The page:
Brain plasticity and cognitive and behavioral changes in early development:
19th century perspectives
Isabelle BARRIERE1 and Marjorie Perlman LORCH2
This paper discusses the findings which emerge from the examination of nineteenth century monographs and unpublished archives produced by prominent European and American clinicians, philosophers, neurologists and developmental psychologists. These writings demonstrate that a distinction was made between the possibilities of recovery in children and adults exhibiting behavioral and/or cognitive disorders. Secondly, they observed that the acquisition of certain cognitive abilities was easier for children than for adults (see Ball, in Kussmaul, 1881, for instance). Charcot (unpublished ms) and Ribot (1881) both evoked brain plasticity to explain these differences between adults and children when it comes to both recovery of functions and cognitive development while Ball (1881) and Baldwin (1906) evoke the interdependence of cognitive capacities.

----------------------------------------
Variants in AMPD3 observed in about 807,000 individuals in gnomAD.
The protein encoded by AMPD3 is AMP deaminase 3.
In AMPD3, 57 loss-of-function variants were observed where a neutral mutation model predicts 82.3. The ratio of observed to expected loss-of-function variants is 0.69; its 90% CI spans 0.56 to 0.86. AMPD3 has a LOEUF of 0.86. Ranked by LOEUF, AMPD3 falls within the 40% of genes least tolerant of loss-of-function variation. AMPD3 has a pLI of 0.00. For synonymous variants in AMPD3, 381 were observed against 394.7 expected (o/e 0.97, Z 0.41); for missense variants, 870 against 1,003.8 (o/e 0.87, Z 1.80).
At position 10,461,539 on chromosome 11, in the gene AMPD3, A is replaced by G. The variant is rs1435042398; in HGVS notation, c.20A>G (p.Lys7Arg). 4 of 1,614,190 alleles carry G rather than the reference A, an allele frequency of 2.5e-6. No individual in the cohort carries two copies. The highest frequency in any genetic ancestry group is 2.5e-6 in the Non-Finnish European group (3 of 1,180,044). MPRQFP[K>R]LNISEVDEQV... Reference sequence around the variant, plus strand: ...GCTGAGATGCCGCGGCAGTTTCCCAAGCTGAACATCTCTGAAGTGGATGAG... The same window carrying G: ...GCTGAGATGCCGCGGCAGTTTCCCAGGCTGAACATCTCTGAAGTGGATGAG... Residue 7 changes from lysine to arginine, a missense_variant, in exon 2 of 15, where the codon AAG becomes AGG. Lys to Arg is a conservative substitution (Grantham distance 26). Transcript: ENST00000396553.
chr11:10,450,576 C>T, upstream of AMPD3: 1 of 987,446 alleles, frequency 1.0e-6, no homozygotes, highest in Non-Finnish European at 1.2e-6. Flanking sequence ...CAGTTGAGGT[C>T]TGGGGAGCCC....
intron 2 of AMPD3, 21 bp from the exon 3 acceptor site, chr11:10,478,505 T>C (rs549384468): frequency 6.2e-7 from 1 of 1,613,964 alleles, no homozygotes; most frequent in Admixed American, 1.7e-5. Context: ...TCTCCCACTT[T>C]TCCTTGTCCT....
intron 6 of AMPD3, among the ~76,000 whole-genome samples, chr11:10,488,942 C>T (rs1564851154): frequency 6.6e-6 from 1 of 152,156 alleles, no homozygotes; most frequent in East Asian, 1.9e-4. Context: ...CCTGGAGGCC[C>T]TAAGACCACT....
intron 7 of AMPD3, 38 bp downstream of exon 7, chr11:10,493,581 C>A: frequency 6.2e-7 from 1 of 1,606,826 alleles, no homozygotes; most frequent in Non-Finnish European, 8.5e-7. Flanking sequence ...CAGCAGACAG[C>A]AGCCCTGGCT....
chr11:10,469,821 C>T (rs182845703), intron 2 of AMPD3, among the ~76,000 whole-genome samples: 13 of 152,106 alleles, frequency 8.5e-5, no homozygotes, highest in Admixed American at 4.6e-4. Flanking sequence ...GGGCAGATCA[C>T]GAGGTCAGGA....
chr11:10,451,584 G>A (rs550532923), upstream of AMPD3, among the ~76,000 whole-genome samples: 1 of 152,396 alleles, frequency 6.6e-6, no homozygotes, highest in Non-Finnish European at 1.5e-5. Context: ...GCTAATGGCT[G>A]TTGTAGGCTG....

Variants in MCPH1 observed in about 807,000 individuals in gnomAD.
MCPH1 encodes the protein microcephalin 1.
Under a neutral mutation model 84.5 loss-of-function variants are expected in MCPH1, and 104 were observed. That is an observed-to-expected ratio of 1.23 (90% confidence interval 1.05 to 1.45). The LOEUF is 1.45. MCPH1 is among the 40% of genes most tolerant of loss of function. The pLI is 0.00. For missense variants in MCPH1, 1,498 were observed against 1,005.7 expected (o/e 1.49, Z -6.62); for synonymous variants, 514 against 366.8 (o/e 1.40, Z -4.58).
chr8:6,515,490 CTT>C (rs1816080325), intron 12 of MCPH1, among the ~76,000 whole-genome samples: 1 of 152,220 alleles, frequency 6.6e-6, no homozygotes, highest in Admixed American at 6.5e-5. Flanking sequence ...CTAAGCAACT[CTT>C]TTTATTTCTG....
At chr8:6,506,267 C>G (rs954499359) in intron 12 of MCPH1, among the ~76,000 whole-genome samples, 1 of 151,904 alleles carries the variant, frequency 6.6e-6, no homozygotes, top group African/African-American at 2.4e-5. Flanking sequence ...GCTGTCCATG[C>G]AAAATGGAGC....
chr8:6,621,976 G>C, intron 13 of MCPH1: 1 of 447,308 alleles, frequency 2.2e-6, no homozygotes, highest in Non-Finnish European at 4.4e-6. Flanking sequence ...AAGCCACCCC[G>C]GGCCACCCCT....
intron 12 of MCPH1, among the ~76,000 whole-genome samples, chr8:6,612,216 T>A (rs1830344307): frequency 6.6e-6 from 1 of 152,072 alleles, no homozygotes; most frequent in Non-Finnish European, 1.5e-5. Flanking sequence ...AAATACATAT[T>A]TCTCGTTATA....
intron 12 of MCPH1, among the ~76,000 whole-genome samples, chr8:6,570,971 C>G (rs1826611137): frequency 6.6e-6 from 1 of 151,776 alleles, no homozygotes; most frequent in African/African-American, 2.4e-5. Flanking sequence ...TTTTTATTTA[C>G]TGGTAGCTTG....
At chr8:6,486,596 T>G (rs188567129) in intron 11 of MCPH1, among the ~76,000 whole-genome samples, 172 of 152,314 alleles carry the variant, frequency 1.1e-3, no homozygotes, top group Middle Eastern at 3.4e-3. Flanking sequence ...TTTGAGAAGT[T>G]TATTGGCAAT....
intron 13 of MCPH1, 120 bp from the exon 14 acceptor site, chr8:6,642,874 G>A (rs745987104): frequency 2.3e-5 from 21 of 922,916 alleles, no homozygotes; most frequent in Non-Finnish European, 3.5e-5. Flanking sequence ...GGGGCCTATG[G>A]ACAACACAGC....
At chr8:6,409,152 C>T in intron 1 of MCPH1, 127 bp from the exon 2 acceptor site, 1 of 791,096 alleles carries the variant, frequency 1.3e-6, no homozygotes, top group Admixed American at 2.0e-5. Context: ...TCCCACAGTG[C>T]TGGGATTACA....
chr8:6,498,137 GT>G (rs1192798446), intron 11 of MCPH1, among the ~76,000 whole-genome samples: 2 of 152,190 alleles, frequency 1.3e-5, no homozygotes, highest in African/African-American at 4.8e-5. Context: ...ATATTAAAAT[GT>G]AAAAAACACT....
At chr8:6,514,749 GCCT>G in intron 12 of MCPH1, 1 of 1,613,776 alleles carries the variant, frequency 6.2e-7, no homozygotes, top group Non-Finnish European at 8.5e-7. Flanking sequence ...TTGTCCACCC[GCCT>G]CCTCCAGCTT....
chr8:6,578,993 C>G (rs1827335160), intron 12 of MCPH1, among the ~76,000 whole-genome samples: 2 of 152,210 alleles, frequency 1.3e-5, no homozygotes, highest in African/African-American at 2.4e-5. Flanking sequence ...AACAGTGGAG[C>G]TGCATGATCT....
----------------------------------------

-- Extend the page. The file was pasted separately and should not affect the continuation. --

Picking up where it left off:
The findings which emerge from this investigation pertain to the
research strategies applied to the study of brain maturation (Parrot,
1879) and the behavioral evidence on the basis of which a causal
relation was established between the maturation of the brain and
cognitive development. The implication of this investigation for the
conceptualizations of critical periods in development, the distinction
between (typical and atypical) children and adult populations, and the
current notion of 'modularisation' are discussed.
Baldwin, J.M. (1906) Mental development in the child and the race. 3rd
edition. New York: MacMillan.
Session II -- Poster Session
Los Angeles, California, USA